Our “Cold Front from the Balkans” exhibition focuses on different generations of artists and art groups from the Balkan region. Throughout the exhibition, we keep sharing detailed information about the artworks. Take a look at Mircea Cantor’s
Mircea Cantor’s Shortcuts, a work in black and white photography, is composed of three pieces. The photographs showing the border between Romania and Hungary visualize the extension to the present of a memory study that deals with borders and border-crossings. In one sense, which shortcut is the shortest? Where should a border be crossed? Today, borders are certainly a problem attached to Europe. They are spaces that people try to cross—those who flee from their countries because of war and oppression. These photographs, which refer to the refugee crisis also point to emptiness and remind us of many events and specters in history. The return of specters is in a way expressed through humane visionlessness. Why can the long-forgotten, those things the new generations do not hear/feel anymore, the moments of “European barbarism,” still return to us?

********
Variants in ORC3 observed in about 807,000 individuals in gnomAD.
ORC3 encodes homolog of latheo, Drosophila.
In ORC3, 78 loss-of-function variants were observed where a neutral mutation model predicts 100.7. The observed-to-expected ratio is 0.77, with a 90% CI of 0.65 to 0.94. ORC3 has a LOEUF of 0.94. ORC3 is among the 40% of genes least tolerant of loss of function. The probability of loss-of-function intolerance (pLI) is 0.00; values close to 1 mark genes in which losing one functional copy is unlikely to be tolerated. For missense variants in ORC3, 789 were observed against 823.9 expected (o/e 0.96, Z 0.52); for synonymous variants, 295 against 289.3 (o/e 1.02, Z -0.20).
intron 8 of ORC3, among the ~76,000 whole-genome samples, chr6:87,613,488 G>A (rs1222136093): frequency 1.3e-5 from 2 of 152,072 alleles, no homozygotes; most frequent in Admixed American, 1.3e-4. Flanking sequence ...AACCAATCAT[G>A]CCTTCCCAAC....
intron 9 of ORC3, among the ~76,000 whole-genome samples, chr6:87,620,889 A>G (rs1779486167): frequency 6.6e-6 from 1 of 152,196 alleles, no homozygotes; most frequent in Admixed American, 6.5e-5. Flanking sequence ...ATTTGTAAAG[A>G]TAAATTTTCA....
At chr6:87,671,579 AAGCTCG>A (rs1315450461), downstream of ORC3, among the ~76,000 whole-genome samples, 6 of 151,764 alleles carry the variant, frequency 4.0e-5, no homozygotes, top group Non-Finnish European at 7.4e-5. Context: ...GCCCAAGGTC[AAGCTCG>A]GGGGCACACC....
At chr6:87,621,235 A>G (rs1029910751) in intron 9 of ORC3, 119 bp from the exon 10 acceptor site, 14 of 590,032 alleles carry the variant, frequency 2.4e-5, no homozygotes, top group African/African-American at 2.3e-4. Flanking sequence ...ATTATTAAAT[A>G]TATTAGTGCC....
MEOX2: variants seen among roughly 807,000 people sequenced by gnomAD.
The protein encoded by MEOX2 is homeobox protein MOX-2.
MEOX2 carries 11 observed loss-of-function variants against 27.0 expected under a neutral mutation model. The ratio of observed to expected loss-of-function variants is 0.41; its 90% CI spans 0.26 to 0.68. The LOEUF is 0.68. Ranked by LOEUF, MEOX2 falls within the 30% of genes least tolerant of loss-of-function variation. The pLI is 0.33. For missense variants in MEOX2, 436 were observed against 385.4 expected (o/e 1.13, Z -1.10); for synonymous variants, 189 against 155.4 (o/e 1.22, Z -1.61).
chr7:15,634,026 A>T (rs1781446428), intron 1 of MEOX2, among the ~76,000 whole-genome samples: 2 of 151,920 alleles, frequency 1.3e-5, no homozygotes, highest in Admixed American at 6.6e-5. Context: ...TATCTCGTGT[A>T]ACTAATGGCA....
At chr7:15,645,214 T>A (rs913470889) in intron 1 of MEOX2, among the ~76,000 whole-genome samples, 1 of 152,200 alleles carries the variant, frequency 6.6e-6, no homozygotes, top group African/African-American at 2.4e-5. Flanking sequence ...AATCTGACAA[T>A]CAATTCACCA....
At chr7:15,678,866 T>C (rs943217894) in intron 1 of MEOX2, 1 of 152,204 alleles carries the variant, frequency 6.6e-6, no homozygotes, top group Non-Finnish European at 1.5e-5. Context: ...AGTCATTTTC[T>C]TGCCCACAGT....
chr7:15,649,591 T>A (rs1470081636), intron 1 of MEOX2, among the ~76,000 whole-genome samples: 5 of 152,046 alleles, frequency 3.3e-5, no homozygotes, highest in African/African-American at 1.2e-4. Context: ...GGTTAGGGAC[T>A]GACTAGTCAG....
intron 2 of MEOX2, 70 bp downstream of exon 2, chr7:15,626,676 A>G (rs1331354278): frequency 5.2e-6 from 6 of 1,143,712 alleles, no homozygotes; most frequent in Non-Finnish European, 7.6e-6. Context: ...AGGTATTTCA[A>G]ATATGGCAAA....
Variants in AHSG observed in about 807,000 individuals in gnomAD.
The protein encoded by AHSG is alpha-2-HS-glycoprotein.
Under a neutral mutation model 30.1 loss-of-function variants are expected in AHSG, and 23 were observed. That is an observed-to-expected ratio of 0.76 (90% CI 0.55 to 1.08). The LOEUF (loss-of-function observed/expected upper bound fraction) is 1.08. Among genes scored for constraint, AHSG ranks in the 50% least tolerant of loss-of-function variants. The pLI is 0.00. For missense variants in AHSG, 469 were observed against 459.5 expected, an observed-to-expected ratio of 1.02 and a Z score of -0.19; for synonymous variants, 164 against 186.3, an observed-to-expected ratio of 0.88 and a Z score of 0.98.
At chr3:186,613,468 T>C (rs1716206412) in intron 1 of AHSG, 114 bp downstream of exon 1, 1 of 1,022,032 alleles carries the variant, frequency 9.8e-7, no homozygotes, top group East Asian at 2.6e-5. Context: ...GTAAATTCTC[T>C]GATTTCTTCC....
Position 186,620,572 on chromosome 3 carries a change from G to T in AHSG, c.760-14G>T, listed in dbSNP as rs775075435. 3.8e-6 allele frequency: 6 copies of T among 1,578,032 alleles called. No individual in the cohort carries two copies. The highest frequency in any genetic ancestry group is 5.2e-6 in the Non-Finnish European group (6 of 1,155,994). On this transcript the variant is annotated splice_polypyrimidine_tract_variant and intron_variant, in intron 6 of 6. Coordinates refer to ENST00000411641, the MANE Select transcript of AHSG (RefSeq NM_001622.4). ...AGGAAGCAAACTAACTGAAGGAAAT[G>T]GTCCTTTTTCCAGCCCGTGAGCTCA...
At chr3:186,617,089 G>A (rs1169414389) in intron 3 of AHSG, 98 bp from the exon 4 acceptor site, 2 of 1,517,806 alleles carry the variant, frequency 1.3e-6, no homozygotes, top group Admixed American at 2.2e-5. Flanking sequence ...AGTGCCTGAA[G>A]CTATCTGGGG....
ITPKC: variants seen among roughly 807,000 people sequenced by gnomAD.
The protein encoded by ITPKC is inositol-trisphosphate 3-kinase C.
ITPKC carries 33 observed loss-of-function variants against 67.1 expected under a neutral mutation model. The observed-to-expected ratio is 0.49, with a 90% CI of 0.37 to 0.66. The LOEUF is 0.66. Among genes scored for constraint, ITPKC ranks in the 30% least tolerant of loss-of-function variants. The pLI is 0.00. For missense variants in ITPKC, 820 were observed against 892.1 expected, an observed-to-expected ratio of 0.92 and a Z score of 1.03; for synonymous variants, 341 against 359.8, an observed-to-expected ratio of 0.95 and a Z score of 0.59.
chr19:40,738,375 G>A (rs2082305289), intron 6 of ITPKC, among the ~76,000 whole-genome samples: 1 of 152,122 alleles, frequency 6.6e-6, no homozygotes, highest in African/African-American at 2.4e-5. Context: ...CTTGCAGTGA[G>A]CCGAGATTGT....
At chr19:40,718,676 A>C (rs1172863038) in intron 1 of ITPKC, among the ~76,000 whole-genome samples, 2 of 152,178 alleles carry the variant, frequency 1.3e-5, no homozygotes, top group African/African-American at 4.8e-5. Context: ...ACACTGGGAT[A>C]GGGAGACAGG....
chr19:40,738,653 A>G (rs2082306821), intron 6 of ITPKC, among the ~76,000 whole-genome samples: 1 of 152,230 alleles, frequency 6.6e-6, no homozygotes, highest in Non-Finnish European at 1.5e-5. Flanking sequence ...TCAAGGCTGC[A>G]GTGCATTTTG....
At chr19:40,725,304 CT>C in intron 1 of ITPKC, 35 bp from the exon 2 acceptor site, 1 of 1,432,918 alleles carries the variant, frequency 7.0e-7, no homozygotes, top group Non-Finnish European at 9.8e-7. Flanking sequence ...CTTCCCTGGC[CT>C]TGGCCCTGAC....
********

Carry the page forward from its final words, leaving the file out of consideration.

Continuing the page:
The Balkans are at the same time places of those borders. That people are stopped at the borders as opposed to the effect and limitlessness of the wind must be considered as related to the lack of memory for human beings. Memory stands as if in the mode of an emptiness. Using the shortcut…
“Cold Front From the Balkans” exhibition can be visited until 7 May at Pera Museum!